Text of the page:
I don’t agree with Alan Joyce’s views on sexuality, and I don’t like the way he has rebranded QANTAS as a gay pride flag flying company. Have I boycotted Qantas? No, in fact I’m flying with them tomorrow! What we are seeing is a major Australian company pressuring a sport to exclude a player who professes Christian beliefs. I think it would be unwise, but they might. I would ask,  is this the Australia we want to call home?

The Coopers Beer saga of last year served as a watershed (or should that be, beershed?!) moment in Australian social history, indicating that there would be a social and economic cost to anyone who doesn’t subscribe to the new morality. The art of toleration in Australia is being scrubbed out by a vocal priesthood of humanistic secularists who are intent on reframing the Australian identity and conscience. It is not only anti-Christian, it is an anti-freedom movement and is serving to diminish both religious and public non-conformity. Israel Folau is but another inevitable target of what will become many more in months and years to come.

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Late this afternoon at a press conference, RA chief executive Raelene Castle has said,

““This is a difficult issue when you think you are trying to combine religious beliefs, freedom of speech and inclusion, respect and the use of social media,” Castle said.

“We’re proud of the fact that he’s a strong believer and he’s prepared to stand up for what he believes in.

“We’re proud of the fact that he’s a strong believer and he’s prepared to stand up for what he believes in.

“We want athletes in our code who are prepared to do that and that’s really important.

“But at the same time, Rugby Australia’s got a policy and position of inclusion and using social media with respect.

“So that’s where we shared stories, shared ideas and shared positions and both of us recognise that what we want is a situation where we use our social media platforms in a respectful and positive way.”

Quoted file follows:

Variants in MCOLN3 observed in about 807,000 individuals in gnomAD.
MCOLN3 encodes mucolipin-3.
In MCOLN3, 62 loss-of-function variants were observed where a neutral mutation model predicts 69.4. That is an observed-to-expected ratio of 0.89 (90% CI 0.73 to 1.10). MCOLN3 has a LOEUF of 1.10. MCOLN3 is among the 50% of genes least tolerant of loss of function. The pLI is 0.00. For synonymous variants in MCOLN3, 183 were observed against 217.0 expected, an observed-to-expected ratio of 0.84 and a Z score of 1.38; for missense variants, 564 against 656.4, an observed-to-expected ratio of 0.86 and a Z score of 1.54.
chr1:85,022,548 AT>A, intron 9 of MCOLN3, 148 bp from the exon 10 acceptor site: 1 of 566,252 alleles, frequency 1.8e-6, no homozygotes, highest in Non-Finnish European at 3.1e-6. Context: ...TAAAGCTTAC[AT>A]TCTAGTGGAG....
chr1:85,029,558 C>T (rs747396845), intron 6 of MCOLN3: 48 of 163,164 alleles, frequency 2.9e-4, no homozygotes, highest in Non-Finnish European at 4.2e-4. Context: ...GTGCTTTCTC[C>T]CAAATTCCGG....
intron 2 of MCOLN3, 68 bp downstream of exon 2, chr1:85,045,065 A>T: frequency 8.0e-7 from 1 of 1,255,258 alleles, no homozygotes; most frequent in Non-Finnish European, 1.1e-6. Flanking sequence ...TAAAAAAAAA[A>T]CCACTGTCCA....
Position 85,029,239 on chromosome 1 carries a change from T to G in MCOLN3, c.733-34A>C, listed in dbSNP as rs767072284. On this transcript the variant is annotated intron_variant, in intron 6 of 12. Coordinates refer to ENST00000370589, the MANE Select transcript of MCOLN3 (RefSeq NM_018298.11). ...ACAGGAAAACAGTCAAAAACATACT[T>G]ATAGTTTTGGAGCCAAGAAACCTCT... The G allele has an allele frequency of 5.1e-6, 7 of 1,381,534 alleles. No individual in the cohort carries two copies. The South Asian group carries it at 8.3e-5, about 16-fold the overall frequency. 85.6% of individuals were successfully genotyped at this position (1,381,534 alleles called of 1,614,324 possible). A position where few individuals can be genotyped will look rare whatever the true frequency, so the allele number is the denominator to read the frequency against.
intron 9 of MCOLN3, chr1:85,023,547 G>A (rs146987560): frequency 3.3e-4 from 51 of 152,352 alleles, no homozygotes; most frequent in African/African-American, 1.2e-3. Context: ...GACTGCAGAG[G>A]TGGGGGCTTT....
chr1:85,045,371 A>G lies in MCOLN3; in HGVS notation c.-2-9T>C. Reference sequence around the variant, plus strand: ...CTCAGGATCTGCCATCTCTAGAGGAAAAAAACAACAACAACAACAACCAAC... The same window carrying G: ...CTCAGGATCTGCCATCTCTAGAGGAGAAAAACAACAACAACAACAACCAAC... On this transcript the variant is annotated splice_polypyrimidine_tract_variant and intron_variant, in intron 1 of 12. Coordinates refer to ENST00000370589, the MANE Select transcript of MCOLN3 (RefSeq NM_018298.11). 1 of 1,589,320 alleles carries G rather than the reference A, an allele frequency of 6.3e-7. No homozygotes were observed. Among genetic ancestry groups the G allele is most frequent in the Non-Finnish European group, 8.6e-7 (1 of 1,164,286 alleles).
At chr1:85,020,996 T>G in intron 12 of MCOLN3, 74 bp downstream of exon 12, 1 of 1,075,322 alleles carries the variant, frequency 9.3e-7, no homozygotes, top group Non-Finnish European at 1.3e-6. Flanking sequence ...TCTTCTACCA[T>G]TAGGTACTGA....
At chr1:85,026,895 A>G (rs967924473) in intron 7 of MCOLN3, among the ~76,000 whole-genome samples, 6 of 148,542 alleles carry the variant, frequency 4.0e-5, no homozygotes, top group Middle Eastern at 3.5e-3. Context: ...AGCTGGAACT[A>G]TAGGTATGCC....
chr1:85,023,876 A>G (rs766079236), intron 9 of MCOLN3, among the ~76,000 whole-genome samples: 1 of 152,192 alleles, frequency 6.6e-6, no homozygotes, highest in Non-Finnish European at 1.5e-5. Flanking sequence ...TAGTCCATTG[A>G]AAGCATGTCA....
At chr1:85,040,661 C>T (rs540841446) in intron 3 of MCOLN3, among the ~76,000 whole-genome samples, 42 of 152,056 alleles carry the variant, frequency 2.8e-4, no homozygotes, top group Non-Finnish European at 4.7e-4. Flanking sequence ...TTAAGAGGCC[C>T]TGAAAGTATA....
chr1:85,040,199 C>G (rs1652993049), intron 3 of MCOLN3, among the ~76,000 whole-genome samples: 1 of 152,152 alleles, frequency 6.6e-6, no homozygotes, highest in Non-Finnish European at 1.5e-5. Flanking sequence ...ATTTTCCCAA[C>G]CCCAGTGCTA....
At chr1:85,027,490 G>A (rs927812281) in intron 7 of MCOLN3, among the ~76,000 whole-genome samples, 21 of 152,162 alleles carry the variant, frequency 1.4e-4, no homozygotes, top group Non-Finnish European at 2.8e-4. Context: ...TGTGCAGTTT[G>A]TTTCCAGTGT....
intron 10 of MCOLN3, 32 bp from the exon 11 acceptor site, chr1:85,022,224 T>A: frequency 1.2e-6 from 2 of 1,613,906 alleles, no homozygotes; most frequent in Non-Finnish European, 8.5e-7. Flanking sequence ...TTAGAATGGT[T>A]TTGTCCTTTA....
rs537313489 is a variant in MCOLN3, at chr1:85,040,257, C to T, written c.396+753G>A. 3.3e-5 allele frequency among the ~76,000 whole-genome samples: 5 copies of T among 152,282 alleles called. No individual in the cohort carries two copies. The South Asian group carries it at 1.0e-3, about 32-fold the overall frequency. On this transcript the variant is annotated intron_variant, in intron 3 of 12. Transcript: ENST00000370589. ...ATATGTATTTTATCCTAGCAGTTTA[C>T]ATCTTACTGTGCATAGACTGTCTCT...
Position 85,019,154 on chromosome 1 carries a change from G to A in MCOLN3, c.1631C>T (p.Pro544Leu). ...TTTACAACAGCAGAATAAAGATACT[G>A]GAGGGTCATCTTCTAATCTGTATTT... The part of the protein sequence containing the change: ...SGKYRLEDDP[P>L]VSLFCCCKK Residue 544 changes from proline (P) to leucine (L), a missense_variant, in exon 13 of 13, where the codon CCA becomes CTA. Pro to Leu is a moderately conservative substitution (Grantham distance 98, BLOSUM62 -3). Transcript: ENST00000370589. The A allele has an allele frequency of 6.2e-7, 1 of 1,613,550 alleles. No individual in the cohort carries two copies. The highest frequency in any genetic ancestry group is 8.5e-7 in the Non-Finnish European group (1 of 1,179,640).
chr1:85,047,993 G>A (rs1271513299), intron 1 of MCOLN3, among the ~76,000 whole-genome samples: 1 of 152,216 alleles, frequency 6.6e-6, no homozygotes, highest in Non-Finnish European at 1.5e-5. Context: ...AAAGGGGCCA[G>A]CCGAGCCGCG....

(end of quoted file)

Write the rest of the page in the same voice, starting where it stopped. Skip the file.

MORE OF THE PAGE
There are some positives here and it’ll be interesting to see how it unfolds over the next few days, especially as to whether Qantas will turn down their rhetoric. Also interesting is Castle’s recognition of a now existing ‘tension’. Perhaps this is an opportunity for good listeners and reasonable minds to sit down and begin talking about how we can regain the art of disagreement in public discourse.

Foreign Aid and Australia’s Disappearing Generosity


“Those who trust in their riches will fall, but the righteous will thrive like a green leaf.” (Proverbs 11:28)

““Surely everyone goes around like a mere phantom;  in vain they rush about, heaping up wealth without knowing whose it will finally be.” (Psalm 39:6)

 

The Age yesterday reported that not only is Australia’s Foreign Aid on the decline, Australians in general are giving less to charitable causes.

  • In 1994 Australia was ranked 9th on the international league table of overseas aid donors (measured by the share of gross national income devoted to overseas development assistance). In 2018, we have dropped to 17th.
  • In 1994, Australia gave 34 cents for every $100 of national income to foreign aid (0.34%). In 2018, the contribution is now 22 cents for every $100 (0.22%).
  • Foreign Aid spending has decreased in the ministry of 7 of our last 10 Foreign Ministers.
  • “Even on the current budget numbers Australia’s aid spending is expected to slump to just 0.20 per cent of gross national income by 2021.”

According to the research raised by Matt Wade,